First define a "struct" that has the fields `n` and `value`

(Yes, a tuple in the form of `{:n 1 :value 1}` would also have worked here, but (to be honest) I wanted to use `defrecord` in at least one of these examples)

By the way, we actually just defined the Java class `factorials.core.Factorial`

`(defrecord Factorial [n value])`

To define a multimethod, first you define the dispatch function with `defmulti`. Here our function dispatches on just two possible values: `true` or `false`, where "false" means we reached the end of our factorial computation.

The function argument `{:keys [n]}` is actually an example of one of Clojures mini-languages, "destructuring." For more on that, see Jay Fields' terrific blog entry.

```(defmulti factorial-using-multimethods
(fn ([limit] true)
([limit {:keys [n]}] (< n limit))))```

Our multimethod repeatedly dispatches to this function while `n < limit` (`true`)

Note how I had to overload this method to initialize our `Factorial` struct on the first invocation.

```(defmethod factorial-using-multimethods true
([limit] (factorial-using-multimethods limit (new Factorial 1 1)))
([limit fac]
(let [next-factorial (-> fac (update-in [:n] inc)
(update-in [:value] #(* % (:n fac))))]
(factorial-using-multimethods limit next-factorial))))```

We hit the multimethod function for `false` when our `Factorial` struct has the desired `:n` value. It returns the final factorial value after one last computation.

```(defmethod factorial-using-multimethods false
([limit fac] (* limit (:value fac))))```

### Using Arrays

Clojure also supports operating on arrays, for when you absolutely, positively need performance (at the sacrifice of immutability).

`long-array` creates a Java `long` primitive array, and the functions `aset-long` `aget` and `areduce` operate upon it.

(Of course, this approach requires allocating and initializing an array of size `n`. The real point is to illustrate Clojure array functions, not performance).

```(defn factorial-using-areduce [n]
(let [arr (long-array n)]
(dotimes [i n]
(aset-long arr i (inc i)))
(areduce arr
idx
ret (long 1)
(* ret (aget arr idx)))))```

## Java Interop

Elsewhere we wrote a plain old Java class with a static method that computes factorials. We can still re-use that legacy code via Clojure's Java interop.

```(defn factorial-using-javainterop [n]
(example.Factorial/calculate n))```

### Taming Java Complexity

But what if our Java team read Effective Java, 2nd Ed. and decided to use the Builder pattern?

We can use the `->` operator (aka the "pipeline operator") to get this under control.

And if you're working with `java.util.Map` instances or "JavaBeans" with copious "setters," there's the `doto` macro.

```(import 'example.Factorial\$Builder)
(defn factorial-using-javainterop-and-pipeline [n]
(-> (Factorial\$Builder.)
(.factorial n)
.build
.compute))```

#### More on the Pipeline Macro

I found `clojure.walk/macroexpand-all` really useful for understanding and debugging the `->` macro:

Executing the following at the REPL

`(clojure.walk/macroexpand-all '(-> (Factorial\$Builder.) (.factorial n) .build .compute))`

outputs

`=> (. (. (. (new Factorial\$Builder) factorial n) build) compute)`

which is equivalent to

`=> (.compute (.build (.factorial (example.Factorial\$Builder.) n)))`

### Implementing Java Interfaces

Perhaps our Java team, which doesn't use Clojure, needs us to implement one of their API interfaces.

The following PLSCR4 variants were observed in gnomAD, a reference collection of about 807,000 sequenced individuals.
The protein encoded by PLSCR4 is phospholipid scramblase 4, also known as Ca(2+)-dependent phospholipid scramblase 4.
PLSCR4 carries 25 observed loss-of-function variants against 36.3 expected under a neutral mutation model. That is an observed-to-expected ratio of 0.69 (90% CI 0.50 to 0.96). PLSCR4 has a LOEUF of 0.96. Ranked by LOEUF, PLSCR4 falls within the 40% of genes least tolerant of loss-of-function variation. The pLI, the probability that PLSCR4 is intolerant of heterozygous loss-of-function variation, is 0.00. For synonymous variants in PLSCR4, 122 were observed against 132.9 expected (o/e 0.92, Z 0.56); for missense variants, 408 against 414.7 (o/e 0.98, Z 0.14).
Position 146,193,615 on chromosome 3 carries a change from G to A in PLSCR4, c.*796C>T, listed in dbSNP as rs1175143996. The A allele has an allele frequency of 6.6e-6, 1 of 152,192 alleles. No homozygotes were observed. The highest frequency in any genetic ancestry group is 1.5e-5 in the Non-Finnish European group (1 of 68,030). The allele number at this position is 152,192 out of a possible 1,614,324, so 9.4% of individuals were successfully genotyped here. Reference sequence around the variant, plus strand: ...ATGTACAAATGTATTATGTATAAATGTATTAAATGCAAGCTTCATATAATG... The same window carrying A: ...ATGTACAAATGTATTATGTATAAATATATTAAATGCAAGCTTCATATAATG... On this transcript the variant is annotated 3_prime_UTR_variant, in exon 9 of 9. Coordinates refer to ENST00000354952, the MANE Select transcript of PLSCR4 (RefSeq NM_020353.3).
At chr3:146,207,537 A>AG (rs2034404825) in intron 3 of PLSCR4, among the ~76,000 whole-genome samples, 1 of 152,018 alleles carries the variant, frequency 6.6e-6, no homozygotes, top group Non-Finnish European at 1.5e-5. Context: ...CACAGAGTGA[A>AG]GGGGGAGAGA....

Here we use `reify` to generate a Java class that implements the `example.ValueComputer` interface while re-using one of our functions for the implementation.

```(defn newFactorialComputer [n]
(reify example.ValueComputer
(compute [this] (factorial-using-reduce n))))```

## Finally...

Why not just use Incanter? (Duh!)

```(require '[incanter.core :only factorial])
(defn factorial-from-incanter [n]
(incanter.core/factorial n))```

## Epilogue: HALL OF SHAME

Here are some functions I wrote that "work" but have hidden defects or are just plain wrong.

### defs Aren't Variables

After calling `(factorial-using-do-dotimes 5)` you will have a var named `a` pointing to a value of `120`. Unless another thread called the function concurrently, in which case who knows what happened?

This is because `def` binds to the namespace, not the scope of the function.

```(defn factorial-using-do-dotimes [n]
(do
(def a 1)
(dotimes [i n]
(def a (* a (inc i)))))
a)```

This approach using `do` and `while` has the same correctness problem as above. Now you have two vars in your namespace: `a` and `res`.

```(defn factorial-using-do-while [n]
(do
(def a 0)
(def res 1)
(while (< a n)
(def a (inc a))
(def res (* res a)))
res))```

### Abusing Atoms

An example using Atoms. I suspect one would never (ab)use atoms locally-scoped like this (although they work well for implementing closures).

However, perhaps you could contrive an example using the `Factorial` struct from earlier and `compare-and-set!`

```(defn factorial-using-atoms-while [n]
(let [a (atom 0)
res (atom 1)]
(while (> n @a)
(swap! res * (swap! a inc)))
@res))```

### Recursive Agent Race Condition

Finally, an attempt to compute a factorial using an `agent` that recursively submits computation tasks to itself.

This approach sometimes fails due to a race condition between the recursive (and asychronous) `send-off` and the `await` call.

``````(for [x (range 10)] (factorial-using-agent-recursive 5))
=> (2 4 3 120 2 120 120 120 120 2)
(for [x (range 10)] (factorial-using-agent-recursive 5))
=> (2 2 2 3 2 2 3 2 120 2)
``````
```(defn factorial-using-agent-recursive [n]
(let [a (agent 1)]
(letfn [(calc  [current-n limit total]
(if (< current-n limit)
(let [next-n (inc current-n)]
(send-off *agent* calc limit (* total next-n))
next-n)
total))]
(await (send-off a calc n 1)))
@a))```